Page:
“But even after all my study, I was still quite junior once I started at Royal Melbourne. So, I continued further study to learn as quickly as I could. I completed many courses in trauma nursing, spinal care management, Code Brown (external emergency) management, senior nurse training, just to name a few. I wanted to advance my prospects of being able to work in a more senior leadership position within the Emergency Department (ED).

You’ve got to put yourself out there and look for these opportunities. Go the extra mile to help land your dream job.”

A turn on TV

Maddy continued her nursing career progression at Royal Melbourne. After just 18 months she continued to earn the respect of patients and colleagues. And she gained promotion to a Clinical Nurse Specialist and Resuscitation/Trauma Team Leader. This resulted in her coordinating pathways for critically unwell patients. Plus, managing the Resuscitation/Trauma Team and mentoring new staff members and student nurses to help facilitate orientation and competency assessments.

Maddy’s journey was then acknowledged nationally when she was chosen as just one of four nurses to appear on the Nine Network’s popular television series Emergency.

“I think they chose me as I was the stereotype of the country girl who came to the city and broke through the barriers.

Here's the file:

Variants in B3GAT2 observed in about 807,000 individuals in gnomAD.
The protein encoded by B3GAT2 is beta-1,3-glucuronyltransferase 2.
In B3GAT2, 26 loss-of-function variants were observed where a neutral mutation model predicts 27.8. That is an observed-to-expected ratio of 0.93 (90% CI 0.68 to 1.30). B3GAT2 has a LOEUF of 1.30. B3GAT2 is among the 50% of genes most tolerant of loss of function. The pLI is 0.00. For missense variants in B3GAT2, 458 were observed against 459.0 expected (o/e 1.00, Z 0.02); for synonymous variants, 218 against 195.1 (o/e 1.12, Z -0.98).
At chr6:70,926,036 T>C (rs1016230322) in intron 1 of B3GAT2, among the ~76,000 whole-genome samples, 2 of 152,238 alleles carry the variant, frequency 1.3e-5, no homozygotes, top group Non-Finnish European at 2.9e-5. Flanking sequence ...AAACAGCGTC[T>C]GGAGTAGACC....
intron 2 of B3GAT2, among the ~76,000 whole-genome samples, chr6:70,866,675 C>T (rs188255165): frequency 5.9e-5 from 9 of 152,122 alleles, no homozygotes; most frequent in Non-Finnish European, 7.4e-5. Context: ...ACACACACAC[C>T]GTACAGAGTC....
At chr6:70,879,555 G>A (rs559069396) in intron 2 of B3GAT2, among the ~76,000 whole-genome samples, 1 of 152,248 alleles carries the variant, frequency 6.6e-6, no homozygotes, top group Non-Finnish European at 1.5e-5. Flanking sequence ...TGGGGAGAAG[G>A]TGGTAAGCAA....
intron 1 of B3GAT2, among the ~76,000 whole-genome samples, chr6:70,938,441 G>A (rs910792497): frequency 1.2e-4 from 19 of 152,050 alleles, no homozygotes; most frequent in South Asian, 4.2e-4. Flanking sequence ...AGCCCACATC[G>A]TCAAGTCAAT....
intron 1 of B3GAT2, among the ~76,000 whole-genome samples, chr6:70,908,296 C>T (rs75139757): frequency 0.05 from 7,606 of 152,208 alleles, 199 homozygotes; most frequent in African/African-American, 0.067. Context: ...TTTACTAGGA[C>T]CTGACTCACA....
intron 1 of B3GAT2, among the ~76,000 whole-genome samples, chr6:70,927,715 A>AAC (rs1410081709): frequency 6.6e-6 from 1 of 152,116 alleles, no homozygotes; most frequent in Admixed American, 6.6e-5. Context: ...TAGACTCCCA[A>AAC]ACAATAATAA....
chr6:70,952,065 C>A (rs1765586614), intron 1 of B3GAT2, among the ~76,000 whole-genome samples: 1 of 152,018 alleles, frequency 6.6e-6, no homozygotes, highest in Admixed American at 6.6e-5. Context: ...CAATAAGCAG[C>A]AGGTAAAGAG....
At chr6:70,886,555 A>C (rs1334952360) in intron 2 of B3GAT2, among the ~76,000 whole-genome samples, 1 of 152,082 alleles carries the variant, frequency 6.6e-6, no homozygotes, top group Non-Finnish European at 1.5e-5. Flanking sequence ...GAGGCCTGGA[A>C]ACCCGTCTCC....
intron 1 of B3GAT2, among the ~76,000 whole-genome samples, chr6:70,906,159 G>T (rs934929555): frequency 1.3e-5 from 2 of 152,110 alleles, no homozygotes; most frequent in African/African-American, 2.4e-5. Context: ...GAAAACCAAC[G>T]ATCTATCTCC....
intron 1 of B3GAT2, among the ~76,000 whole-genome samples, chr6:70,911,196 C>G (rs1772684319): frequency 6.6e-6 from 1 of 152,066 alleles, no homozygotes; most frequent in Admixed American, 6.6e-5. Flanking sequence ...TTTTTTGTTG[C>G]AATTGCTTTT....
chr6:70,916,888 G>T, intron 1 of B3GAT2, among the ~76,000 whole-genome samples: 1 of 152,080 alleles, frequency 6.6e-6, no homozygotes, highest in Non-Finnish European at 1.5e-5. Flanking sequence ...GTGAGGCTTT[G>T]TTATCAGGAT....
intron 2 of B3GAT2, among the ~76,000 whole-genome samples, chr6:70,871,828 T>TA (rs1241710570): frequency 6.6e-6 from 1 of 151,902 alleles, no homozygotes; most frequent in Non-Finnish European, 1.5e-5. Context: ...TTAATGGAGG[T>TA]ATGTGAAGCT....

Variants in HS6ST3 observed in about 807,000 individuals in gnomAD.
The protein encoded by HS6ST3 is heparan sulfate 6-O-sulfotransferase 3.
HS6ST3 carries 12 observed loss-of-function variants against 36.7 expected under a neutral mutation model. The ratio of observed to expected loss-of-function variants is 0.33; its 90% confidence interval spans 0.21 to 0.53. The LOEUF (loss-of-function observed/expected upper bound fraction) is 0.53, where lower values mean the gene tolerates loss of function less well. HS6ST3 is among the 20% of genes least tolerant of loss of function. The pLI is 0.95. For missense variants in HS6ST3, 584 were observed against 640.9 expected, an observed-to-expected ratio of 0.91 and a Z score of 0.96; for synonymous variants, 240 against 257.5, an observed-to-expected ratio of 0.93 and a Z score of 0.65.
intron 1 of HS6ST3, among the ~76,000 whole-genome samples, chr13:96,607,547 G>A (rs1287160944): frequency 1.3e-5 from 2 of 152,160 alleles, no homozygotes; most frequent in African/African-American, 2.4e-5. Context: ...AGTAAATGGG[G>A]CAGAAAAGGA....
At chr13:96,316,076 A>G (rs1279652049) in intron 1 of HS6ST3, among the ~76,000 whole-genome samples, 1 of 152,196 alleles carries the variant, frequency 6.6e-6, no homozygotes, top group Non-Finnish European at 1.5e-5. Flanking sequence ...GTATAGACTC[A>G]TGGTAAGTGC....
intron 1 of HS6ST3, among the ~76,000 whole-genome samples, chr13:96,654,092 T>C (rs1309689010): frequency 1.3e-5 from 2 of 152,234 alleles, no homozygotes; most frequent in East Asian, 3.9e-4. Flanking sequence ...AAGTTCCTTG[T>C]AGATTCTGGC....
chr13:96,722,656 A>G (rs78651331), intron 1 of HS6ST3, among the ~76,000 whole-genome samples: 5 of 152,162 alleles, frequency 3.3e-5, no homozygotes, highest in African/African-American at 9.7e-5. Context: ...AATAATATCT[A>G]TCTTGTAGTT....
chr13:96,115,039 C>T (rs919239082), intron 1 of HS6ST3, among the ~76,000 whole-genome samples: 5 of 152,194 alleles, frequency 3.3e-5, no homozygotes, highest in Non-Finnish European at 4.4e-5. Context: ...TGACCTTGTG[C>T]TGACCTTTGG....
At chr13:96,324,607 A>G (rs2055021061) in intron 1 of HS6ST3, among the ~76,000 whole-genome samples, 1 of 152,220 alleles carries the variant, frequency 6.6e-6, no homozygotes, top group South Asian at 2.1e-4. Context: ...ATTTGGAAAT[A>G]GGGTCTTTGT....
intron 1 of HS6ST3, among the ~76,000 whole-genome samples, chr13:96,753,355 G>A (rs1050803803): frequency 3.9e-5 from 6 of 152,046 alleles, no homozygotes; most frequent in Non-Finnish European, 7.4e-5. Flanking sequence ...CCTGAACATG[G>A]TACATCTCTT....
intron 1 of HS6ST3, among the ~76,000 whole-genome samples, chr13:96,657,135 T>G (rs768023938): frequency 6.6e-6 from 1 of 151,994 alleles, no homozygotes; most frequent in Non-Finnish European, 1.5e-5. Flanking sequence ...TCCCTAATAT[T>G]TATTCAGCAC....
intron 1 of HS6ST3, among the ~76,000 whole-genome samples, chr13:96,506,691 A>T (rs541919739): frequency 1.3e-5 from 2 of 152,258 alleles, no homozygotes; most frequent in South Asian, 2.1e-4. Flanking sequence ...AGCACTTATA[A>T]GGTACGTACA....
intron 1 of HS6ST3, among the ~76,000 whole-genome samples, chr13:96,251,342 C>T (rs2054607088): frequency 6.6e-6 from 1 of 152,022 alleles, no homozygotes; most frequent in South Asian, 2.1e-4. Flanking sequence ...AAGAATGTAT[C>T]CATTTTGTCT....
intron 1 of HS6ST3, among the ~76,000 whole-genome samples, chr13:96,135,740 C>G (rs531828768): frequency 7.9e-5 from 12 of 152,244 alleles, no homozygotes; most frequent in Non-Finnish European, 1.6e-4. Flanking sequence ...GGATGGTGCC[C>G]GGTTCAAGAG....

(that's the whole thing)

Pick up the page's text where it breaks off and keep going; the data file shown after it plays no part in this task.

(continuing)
“There’s a stigma of coming from a country background and country hospitals where you’re one of roughly 20 nurses. You then have to prove yourself at a big city hospital that has more like 280 nurses!”

The television crew followed Maddy and the other three nurses every day for six weeks.

“It didn’t bother me. When you are caring for someone during the worst day of their life, nothing else matters.”

Maddy continued to have an impact during her four years at Royal Melbourne Hospital. This included assisting with the testing of 280 passengers when the first flight from Wuhan landed at the beginning of the COVID-19 pandemic.

A change of pace

Maddy Bowers in surgical scrubs

After life in the fast lane for many years, Maddy changed pace. Not least after welcoming her daughter into the world. This saw her moving back to Albury with her husband and baby.

She knew she wanted to immerse herself back in education. After bumping into her former lecturer, an opportunity arose for her to apply to teach at the university.

Maddy is now an Associate Lecturer in Nursing at Charles Sturt University, where she teaches second and third-year undergraduate nurses.

“When I found out a few roles were open at Charles Sturt I knew my next dream job was possible. I just went for it.

“You have to believe in yourself and ignore thoughts of not being good enough. Set your goals early in your career and do whatever you need to, to achieve them.

“I kept taking one leap of faith after another, and every step paid off.”

Continuing her passion for self-education and professional development, Maddy intends to go on and complete a Master of Nursing.

We can’t wait to see where Maddy’s nursing career takes her next.

Create your nursing career

Whether you’re starting on your career path, or looking to upskilling and advance, you’ve come to the right place. Charles Sturt University has been training nurses for more than 40 years. And we offer a wide range of courses for nurses – for whichever stage of your career you’re at.

#1 in Australia for nursing undergrads who get jobs.

Good Universities Guide 2023/24

1Cricos: 0101019, 010599C